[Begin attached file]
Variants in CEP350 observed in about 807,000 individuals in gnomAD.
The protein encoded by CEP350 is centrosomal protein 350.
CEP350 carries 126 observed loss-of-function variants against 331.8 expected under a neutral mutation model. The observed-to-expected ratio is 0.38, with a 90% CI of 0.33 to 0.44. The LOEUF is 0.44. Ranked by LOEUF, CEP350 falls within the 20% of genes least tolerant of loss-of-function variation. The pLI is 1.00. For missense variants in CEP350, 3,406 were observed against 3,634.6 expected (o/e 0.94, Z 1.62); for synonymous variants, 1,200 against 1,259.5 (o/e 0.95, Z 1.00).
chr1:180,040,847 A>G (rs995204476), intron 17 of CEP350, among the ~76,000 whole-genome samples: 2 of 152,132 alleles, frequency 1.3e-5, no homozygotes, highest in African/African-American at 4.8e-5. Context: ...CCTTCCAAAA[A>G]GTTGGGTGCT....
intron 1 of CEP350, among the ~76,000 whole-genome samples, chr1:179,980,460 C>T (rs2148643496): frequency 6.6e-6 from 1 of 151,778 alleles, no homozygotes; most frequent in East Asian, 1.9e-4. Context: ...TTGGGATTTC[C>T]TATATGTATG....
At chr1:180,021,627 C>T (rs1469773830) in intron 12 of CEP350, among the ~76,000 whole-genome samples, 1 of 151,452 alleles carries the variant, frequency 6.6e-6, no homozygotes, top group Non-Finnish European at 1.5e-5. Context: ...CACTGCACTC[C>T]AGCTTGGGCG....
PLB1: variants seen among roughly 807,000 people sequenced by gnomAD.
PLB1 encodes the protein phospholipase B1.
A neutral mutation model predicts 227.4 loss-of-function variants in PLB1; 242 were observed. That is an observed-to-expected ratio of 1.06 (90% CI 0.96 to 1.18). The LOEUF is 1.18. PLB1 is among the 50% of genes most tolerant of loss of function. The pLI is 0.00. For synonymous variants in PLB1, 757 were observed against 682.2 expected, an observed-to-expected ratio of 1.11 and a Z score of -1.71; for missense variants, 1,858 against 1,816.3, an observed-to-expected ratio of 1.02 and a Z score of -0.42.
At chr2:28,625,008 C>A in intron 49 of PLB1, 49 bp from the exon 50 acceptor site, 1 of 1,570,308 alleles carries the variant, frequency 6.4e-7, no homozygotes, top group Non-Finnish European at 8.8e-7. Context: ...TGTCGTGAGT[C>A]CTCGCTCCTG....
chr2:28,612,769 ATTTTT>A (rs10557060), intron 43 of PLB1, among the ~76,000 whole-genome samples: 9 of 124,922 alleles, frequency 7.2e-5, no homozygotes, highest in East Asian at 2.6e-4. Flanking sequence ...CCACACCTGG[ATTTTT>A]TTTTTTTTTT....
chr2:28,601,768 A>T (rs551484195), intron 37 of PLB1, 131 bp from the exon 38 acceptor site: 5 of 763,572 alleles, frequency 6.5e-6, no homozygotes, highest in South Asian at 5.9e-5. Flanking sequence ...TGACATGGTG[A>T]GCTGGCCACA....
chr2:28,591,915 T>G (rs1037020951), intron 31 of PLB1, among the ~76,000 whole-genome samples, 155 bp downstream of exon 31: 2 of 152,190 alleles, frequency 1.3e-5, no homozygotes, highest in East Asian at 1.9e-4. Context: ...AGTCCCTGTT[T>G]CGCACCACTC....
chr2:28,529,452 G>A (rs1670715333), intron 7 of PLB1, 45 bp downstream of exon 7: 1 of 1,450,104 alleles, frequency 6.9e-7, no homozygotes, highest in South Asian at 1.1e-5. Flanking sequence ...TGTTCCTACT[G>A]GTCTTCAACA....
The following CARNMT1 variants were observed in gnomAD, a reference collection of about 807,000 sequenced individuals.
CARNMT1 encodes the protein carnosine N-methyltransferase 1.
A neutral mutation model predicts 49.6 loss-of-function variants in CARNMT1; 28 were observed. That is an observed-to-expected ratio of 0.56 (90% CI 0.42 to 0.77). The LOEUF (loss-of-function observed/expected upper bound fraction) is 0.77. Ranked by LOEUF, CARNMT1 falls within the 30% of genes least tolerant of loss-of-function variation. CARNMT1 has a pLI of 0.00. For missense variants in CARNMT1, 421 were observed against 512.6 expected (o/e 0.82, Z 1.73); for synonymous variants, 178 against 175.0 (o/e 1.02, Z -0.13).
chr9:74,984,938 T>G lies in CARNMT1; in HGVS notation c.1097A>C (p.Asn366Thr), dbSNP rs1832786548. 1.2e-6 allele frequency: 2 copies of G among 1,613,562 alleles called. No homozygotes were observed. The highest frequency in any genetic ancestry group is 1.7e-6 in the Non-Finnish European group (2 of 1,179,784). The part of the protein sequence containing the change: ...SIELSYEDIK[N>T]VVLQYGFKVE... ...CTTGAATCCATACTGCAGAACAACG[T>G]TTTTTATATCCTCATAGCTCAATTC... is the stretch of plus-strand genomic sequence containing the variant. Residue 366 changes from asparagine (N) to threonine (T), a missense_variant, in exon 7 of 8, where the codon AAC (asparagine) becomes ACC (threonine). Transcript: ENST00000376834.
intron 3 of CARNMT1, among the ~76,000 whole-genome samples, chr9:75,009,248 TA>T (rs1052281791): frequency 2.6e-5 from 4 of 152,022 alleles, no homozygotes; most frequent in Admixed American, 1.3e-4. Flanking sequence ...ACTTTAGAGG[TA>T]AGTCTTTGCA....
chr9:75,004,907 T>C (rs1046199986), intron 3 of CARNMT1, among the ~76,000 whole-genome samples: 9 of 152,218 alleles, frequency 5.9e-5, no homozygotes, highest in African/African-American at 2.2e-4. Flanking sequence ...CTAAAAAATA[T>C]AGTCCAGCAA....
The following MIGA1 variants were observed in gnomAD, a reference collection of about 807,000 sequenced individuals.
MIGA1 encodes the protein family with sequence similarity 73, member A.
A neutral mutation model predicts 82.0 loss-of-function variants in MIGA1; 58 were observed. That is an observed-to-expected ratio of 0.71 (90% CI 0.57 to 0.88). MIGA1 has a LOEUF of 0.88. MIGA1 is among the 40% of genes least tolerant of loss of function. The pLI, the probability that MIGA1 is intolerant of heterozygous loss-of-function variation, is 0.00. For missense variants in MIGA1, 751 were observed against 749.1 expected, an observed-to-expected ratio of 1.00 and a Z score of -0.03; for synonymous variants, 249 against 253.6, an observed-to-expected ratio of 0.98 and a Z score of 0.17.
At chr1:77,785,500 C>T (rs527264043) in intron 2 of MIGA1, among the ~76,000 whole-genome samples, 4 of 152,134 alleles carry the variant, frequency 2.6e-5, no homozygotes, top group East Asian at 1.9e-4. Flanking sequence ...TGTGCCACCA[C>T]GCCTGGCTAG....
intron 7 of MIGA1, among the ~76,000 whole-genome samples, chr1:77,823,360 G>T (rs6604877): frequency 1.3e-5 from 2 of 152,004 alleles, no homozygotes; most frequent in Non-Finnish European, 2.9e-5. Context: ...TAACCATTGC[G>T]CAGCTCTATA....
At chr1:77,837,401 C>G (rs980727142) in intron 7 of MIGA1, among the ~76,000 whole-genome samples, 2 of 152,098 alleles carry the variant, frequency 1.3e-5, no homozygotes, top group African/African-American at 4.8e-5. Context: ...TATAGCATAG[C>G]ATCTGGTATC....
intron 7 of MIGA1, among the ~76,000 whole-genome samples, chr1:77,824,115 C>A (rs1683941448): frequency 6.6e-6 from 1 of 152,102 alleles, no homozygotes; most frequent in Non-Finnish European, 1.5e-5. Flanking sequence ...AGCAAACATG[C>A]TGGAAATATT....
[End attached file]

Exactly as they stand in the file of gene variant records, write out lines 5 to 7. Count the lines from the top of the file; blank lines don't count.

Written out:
intron 1 of CEP350, among the ~76,000 whole-genome samples, chr1:179,980,460 C>T (rs2148643496): frequency 6.6e-6 from 1 of 151,778 alleles, no homozygotes; most frequent in East Asian, 1.9e-4. Context: ...TTGGGATTTC[C>T]TATATGTATG....
At chr1:180,021,627 C>T (rs1469773830) in intron 12 of CEP350, among the ~76,000 whole-genome samples, 1 of 151,452 alleles carries the variant, frequency 6.6e-6, no homozygotes, top group Non-Finnish European at 1.5e-5. Context: ...CACTGCACTC[C>T]AGCTTGGGCG....
PLB1: variants seen among roughly 807,000 people sequenced by gnomAD.